The beauty of nature and the tranquility of solitude combine at Bluff Lake to create memories that will last a lifetime. Bird watchers will appreciate the vast number of species on offer—included the endangered Red Cockaded Woodpecker. Meanwhile, fishermen will appreciate the quality of the sport available, and nature lovers will fall in love with just about everything on offer. Visiting Bluff Lake during the fall is truly magical: the crunching of leaves underfoot as you adore the orange and yellow and brown that envelopes you into a trance-like peaceful state is something that you’ll never quite get over.
The Biloxi Lighthouse
Construction of the Biloxi Lighthouse was completed in 1848, making it one of the very first cast-iron lighthouses in the southern states. It is central to Biloxi’s image and has, since Katrina, become an iconic tribute to the city’s strength and resolve. Biloxi Lighthouse has a rather symbolic meaning for females in the area, thanks to its rather unique renown for having female lighthouse keepers, right up until the Coast Guard took on the lighthouse in 1939. Despite Hurricane Katrina’s storm surge battering a third of the lighthouse’s 64-foot tall stature, it stood firm, and the City of Biloxi re-opened it for tours in 2010, after an almost half-million dollar renovation. Whether you’re visiting Biloxi for its nightlife or culture, you’ll definitely want to visit this living tribute to the city’s triumph over Katrina’s destructive force.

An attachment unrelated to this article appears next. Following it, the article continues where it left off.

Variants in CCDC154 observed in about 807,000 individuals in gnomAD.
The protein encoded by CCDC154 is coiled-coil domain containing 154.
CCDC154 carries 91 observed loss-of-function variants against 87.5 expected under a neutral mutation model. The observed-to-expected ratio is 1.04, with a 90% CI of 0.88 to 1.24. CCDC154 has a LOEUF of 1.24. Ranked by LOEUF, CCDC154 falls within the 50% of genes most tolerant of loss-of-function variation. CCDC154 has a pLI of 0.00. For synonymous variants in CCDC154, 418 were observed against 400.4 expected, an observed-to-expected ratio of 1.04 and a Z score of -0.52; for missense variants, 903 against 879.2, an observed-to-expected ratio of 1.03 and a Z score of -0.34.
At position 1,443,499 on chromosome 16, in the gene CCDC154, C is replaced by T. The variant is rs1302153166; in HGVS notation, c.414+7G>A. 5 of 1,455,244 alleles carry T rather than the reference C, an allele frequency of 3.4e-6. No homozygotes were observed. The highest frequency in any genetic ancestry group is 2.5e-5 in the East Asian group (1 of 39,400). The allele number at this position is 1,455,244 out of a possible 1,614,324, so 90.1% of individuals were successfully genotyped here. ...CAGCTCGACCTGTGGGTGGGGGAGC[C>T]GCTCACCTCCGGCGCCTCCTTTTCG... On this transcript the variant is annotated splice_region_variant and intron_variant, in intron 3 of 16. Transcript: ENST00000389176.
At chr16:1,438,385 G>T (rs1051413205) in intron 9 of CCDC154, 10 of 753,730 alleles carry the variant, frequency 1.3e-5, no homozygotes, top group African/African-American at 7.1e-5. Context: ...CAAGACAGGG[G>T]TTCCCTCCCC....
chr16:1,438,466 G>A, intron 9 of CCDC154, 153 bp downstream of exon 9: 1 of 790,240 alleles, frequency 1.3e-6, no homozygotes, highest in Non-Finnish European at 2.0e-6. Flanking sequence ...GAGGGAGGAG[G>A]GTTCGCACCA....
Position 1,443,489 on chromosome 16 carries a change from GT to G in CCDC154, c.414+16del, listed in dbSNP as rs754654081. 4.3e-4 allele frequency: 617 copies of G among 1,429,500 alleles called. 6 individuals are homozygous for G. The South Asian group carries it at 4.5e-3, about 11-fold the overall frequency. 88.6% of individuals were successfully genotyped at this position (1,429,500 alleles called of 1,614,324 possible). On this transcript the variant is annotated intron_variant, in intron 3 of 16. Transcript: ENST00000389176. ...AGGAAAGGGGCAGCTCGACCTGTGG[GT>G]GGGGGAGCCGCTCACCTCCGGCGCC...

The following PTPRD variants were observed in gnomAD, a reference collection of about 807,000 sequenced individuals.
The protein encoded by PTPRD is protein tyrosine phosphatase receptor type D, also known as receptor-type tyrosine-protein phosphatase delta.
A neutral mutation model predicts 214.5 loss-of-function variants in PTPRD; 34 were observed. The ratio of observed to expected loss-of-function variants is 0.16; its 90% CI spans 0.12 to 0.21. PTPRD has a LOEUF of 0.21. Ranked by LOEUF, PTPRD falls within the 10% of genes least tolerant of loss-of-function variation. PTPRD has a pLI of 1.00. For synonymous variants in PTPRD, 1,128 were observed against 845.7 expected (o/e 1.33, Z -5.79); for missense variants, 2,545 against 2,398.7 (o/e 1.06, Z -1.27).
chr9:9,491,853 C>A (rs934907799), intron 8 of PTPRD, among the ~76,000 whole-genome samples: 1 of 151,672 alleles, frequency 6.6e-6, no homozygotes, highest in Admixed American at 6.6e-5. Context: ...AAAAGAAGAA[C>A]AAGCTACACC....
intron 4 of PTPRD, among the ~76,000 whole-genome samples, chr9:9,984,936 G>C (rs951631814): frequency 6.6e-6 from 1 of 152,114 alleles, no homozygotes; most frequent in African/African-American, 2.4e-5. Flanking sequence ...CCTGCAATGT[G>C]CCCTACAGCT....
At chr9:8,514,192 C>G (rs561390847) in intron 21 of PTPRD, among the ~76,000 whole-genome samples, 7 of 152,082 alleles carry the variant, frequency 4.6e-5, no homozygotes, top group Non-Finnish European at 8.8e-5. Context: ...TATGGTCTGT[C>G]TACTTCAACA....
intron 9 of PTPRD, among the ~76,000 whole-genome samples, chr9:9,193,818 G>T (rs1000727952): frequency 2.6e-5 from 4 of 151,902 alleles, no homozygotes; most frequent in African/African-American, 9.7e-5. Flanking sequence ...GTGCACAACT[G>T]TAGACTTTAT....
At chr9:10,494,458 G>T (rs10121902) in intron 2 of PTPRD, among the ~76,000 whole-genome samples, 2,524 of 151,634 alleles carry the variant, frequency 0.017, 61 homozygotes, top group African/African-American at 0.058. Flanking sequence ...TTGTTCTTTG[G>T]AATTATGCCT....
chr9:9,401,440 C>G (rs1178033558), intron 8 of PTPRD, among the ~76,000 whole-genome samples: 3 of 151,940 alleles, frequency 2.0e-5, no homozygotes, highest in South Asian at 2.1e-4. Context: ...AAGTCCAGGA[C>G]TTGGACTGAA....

Vicksburg National Military Park
The battle of Vicksburg was pivotal to the American Civil War—it included a 47-day siege which gave way to the surrender of the city, which gave the Union complete control of the Mississippi River. Vicksburg National Military Park is run by the National Park Service in commemoration of this vital point in United States history, and to the lives of the soldiers that gave their lives throughout the campaign. Whether you’re a history lover or not, it’s impossible not to appreciate this national treasure. Over 1,300 historical monuments and markers are within the park’s bounds, as well as the melancholic Vicksburg National Cemetery—the resting place of over 18,000 people, of which two-thirds are unidentified. Over 500,000 visitors attend this haunting tribute to the battle of Vicksburg and the soldiers that gave their lives during; whether you wish to learn more about the civil war, or just pay your respects, Vicksburg National Military Park is a prime place to do either.